Saturday, July 7, 2012

The Last Innocence.

As my birthday draws near, I find myself reflecting on the past decade of my existence, or at least trying to do so. I am leaving my 20s having been several if not a dozen different versions of myself, the last five years bringing the most formative changes to my life and myself. It doesn’t weird me out that I’m entering my third decade because age is just a number and I don’t look a day older than 22 on my most dressed-up, perfect makeup day. It also helps that I still insist on comic hero t-shirts and shorts.
But overshadowing what should be a great time of inspiration and documentation of a decade well lived is that this time last year was “the last innocence” for every entity in my life. Aaron and I were still trying to figure out how to be married on deployment, I was getting ready to start college again after a five year break, hanging out with my battle buddies and my dogs- just basically not doing anything particularly special, but it was a good life. I knew that Aaron and I would work everything out and come out stronger for it. We had been married for just over a year; what did we really know?

But oh,
if I knew then what I know now. I wish I didn’t know the things I do. I’d give anything for it all to be taken back to where it came from (most likely a particular layer of hell). I had experienced certain things, of course, that had stripped me of any feelings of sunshine and roses I was going to have about certain aspects of humanity. My marriage, though, was untouched. It was mine and Aaron’s to grow, feed, nurture, and protect. He was and still is the sweetest man I’ve ever known. It’s one reason I was so angry he had to go through nearly dying and losing so many body parts. He didn’t deserve it (does anyone deserve this?!) and it wasn’t fair it was him. I mean, it shouldn’t be anyone at all.

I think about last summer and how little I knew about life and the military. I know for a lot of soldiers and their families Aaron was the first very seriously injured soldier in any unit they’d served in to end up this way. The notification, the FRG email- the whole unit was shaken to its core. Everything we thought about what could happen when there’s a WIA was stripped and all we were left with were questions. No matter what, though, I will always be glad it was the 760th Aaron was injured with. They couldn’t have done more or been kinder, even though everyone else had something to deal with, too. No one came out unscathed.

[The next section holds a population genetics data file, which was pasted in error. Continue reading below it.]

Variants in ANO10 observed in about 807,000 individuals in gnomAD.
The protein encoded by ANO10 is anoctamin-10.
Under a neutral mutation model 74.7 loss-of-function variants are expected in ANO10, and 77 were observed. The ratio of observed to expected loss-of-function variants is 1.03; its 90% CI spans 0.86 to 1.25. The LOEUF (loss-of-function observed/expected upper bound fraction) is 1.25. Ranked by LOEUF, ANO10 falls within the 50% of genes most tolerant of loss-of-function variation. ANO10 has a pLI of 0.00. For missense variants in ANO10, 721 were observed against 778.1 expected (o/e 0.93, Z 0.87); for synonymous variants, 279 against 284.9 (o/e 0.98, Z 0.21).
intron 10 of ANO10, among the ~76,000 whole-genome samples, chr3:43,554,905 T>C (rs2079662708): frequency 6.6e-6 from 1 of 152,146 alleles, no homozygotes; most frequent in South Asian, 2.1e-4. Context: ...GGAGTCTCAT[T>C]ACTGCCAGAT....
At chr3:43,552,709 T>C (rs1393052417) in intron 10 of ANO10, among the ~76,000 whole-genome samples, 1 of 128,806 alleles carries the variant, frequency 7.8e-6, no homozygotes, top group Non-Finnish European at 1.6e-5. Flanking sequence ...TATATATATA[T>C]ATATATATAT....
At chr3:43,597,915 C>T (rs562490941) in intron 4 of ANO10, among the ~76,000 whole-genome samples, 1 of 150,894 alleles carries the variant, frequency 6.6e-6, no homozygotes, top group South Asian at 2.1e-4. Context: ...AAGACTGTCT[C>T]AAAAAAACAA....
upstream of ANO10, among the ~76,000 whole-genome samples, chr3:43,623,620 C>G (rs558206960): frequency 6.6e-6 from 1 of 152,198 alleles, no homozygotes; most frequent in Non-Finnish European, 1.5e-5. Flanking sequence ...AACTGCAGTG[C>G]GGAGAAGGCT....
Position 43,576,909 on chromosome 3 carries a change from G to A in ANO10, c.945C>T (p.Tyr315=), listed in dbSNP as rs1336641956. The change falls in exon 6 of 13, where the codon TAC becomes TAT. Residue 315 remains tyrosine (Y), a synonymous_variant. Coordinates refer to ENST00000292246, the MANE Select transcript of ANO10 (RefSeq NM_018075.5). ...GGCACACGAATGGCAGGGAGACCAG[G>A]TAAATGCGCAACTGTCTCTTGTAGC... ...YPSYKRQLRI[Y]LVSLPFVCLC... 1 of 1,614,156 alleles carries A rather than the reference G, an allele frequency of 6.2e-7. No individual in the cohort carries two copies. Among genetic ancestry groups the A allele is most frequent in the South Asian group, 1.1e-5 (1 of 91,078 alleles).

I just- I don’t know, I’m still just a little sad about it all. It’s fine, Aaron and I are doing great even if recovery is taking longer than either of us ever could have dreamed it would (please make it stop), but I can’t help but just be sad about what we had to lose to get to where we are. This time last year, we didn’t know anything. Aaron knew more because he’d been an EOD tech for over a decade, but he’d been alright. He adjusted well and carried his burdens in such a way that it did not affect me. But our marriage, our love for each other, our very dreams were untouched.

Especially our dreams.

We could still plan stupid things, like what he would re-enlist for (the ability to move from Fort Drum was the big frontrunner). We talked about Washington state, Savannah, Georgia, and even Colorado. We talked about children and my education. Silly, stupid plans. I might not be the most outwardly religious person, but I do often think of the line, “When you have plans, God says, ‘What plans.’”

So there it is. I would like to think that I will sit down sometime before I turn 30 and write about the past 10 years, but right now I think about how just a year ago everything was okay, and how so quickly it wasn’t. I do look forward to the day we will have spent more time married with his injuries and this new life than without it. I just want to keep moving on. 

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